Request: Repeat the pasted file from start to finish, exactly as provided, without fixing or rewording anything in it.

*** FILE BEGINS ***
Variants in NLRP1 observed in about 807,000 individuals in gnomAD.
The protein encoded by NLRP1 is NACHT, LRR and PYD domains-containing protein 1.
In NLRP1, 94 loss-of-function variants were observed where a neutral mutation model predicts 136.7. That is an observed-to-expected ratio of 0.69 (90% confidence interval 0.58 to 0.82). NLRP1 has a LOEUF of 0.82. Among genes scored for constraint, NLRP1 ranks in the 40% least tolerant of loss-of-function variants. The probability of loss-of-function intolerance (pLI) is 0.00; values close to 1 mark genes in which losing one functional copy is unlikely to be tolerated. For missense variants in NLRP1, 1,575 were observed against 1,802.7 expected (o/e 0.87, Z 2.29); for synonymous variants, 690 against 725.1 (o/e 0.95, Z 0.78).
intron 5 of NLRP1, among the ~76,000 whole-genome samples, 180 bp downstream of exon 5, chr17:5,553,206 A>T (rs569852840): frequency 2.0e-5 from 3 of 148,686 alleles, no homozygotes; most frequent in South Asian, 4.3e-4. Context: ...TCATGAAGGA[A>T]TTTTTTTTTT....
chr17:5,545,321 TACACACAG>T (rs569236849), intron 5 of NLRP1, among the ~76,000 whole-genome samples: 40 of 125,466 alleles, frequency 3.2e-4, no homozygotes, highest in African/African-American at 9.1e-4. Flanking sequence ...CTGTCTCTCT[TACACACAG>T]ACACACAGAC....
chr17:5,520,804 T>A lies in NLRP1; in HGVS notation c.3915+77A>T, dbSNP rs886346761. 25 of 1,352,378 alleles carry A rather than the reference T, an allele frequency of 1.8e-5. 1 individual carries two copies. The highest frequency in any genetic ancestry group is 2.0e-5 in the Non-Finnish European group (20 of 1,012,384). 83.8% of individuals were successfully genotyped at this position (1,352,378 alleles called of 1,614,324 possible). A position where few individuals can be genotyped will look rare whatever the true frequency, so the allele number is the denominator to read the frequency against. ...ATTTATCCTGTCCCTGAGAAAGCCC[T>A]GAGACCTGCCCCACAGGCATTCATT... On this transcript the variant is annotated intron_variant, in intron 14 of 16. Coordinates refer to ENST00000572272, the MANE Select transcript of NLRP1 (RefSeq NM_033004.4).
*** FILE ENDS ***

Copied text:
Variants in NLRP1 observed in about 807,000 individuals in gnomAD.
The protein encoded by NLRP1 is NACHT, LRR and PYD domains-containing protein 1.
In NLRP1, 94 loss-of-function variants were observed where a neutral mutation model predicts 136.7. That is an observed-to-expected ratio of 0.69 (90% confidence interval 0.58 to 0.82). NLRP1 has a LOEUF of 0.82. Among genes scored for constraint, NLRP1 ranks in the 40% least tolerant of loss-of-function variants. The probability of loss-of-function intolerance (pLI) is 0.00; values close to 1 mark genes in which losing one functional copy is unlikely to be tolerated. For missense variants in NLRP1, 1,575 were observed against 1,802.7 expected (o/e 0.87, Z 2.29); for synonymous variants, 690 against 725.1 (o/e 0.95, Z 0.78).
intron 5 of NLRP1, among the ~76,000 whole-genome samples, 180 bp downstream of exon 5, chr17:5,553,206 A>T (rs569852840): frequency 2.0e-5 from 3 of 148,686 alleles, no homozygotes; most frequent in South Asian, 4.3e-4. Context: ...TCATGAAGGA[A>T]TTTTTTTTTT....
chr17:5,545,321 TACACACAG>T (rs569236849), intron 5 of NLRP1, among the ~76,000 whole-genome samples: 40 of 125,466 alleles, frequency 3.2e-4, no homozygotes, highest in African/African-American at 9.1e-4. Flanking sequence ...CTGTCTCTCT[TACACACAG>T]ACACACAGAC....
chr17:5,520,804 T>A lies in NLRP1; in HGVS notation c.3915+77A>T, dbSNP rs886346761. 25 of 1,352,378 alleles carry A rather than the reference T, an allele frequency of 1.8e-5. 1 individual carries two copies. The highest frequency in any genetic ancestry group is 2.0e-5 in the Non-Finnish European group (20 of 1,012,384). 83.8% of individuals were successfully genotyped at this position (1,352,378 alleles called of 1,614,324 possible). A position where few individuals can be genotyped will look rare whatever the true frequency, so the allele number is the denominator to read the frequency against. ...ATTTATCCTGTCCCTGAGAAAGCCC[T>A]GAGACCTGCCCCACAGGCATTCATT... On this transcript the variant is annotated intron_variant, in intron 14 of 16. Coordinates refer to ENST00000572272, the MANE Select transcript of NLRP1 (RefSeq NM_033004.4).